This course is an in-depth study of the somatic structure of the human body: skeletal, muscular, ligamentous, and an introduction to the peripheral nerves. There is attention given to the palpatory anatomy that will be needed for Point Location and Needle Technique classes.
In this course, students are oriented to the procedures and protocol needed to successfully complete internship. Physical assessment skills needed in the practice of Oriental Medicine are covered including: vital signs, temperature, pulse, and blood pressure. Standards of history taking, SOAP noting and unique documentation found in TCM clinical records are part of this course.
This course includes discussion that brings up pertinent issues in healthcare practice and examines the approach taken by a counselor. It focuses on ethical decision-making and the patient practitioner relationship.
The directed learning paper traces the development of Chinese medicine including: the classics, historical figures and periods, and a discussion of important theoretical developments. It gives students a respect for the ancient traditions from which the modern, clinical practice of TCM developed.
The moral and ethical principles that are the core of the teachings of Confucius and Lao Tzu are taught in a manner that can be applied in present day. The influence of these schools on the development of Chinese medicine is stressed in this course.
This course continues massage techniques to regions of the body for local and systemic problem. Good Tui Na technique combined with accessory techniques is an important adjunct to an acupuncture practice.
Tui Na is a form of Chinese massage that includes different hand techniques applied to specific areas of the body. Students will gain proficiency in manipulation skill and sensitivity to energy balancing as they practice techniques in class and apply them in clinic.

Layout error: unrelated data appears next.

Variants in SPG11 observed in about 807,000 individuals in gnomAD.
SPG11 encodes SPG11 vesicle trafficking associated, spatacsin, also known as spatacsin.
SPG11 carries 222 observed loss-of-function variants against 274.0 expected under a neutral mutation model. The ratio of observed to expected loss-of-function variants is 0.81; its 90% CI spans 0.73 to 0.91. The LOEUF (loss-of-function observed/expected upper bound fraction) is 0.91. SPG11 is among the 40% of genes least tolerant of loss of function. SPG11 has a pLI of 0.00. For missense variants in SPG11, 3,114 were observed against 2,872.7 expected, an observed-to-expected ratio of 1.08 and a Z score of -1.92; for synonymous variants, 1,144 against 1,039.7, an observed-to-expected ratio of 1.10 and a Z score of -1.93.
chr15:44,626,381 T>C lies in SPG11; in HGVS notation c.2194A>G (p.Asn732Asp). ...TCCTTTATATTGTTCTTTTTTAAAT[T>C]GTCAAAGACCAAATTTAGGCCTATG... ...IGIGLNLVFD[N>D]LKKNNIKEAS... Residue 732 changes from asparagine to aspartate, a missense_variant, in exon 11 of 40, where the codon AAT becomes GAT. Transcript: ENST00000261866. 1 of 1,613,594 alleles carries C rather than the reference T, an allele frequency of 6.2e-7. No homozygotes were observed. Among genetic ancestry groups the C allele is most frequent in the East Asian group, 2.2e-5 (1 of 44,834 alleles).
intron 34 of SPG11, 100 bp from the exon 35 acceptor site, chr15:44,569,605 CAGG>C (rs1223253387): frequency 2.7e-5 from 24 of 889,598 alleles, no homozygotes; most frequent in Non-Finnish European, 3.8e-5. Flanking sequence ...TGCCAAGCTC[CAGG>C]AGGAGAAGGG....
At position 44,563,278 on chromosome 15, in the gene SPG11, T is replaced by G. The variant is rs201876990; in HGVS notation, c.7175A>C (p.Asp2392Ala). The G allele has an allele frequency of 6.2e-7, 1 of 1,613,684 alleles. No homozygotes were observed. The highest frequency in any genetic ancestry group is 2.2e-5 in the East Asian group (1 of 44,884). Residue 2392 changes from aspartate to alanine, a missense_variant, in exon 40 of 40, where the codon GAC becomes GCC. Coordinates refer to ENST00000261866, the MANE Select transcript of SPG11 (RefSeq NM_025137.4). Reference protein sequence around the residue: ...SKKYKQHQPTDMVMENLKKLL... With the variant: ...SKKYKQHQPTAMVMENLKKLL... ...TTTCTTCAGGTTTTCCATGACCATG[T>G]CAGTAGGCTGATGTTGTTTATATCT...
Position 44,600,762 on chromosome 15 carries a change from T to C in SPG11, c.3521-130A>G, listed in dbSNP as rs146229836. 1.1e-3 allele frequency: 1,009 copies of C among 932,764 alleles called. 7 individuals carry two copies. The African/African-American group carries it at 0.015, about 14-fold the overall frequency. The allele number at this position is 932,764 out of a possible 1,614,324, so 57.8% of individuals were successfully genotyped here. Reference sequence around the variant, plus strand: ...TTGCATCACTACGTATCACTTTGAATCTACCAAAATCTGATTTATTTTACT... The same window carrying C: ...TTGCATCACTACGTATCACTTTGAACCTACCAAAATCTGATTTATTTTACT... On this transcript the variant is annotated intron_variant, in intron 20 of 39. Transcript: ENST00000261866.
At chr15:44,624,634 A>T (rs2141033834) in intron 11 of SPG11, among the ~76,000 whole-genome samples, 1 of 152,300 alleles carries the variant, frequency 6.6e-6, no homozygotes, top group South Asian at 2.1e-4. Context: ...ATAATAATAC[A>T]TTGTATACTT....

Students will attend lectures, demonstrate and practice in the traditional and modern accessory techniques of Oriental Medicine: moxibustion, magnets, guasha, cupping and auricular techniques.
In this course, students will use charts, models and their fellow students as subjects to locate and mark the most important acupuncture points. Students will spend six quarters developing the sensitivity needed to achieve the Qi sensation required for effective treatment.
In this course, students will use charts, models and their fellow students as subjects to locate and mark the most important acupuncture points. Students will spend six quarters developing the sensitivity needed to achieve the Qi sensation required for effective treatment.
This course further studies the eight principle theory as it applies to the pathology of the five phases, the Zang Fu organs and the triple burner.
The rigorous clinic –based educational experience is designed to take classroom learning and first year theory so have students see the clinical application of concepts during their internship activities and experiences.
This is the first class in Chinese medical theory and introduces students to the language and refinement found in Midwest’s academic program. This class will also establish the foundation from which student’s understandings will grow.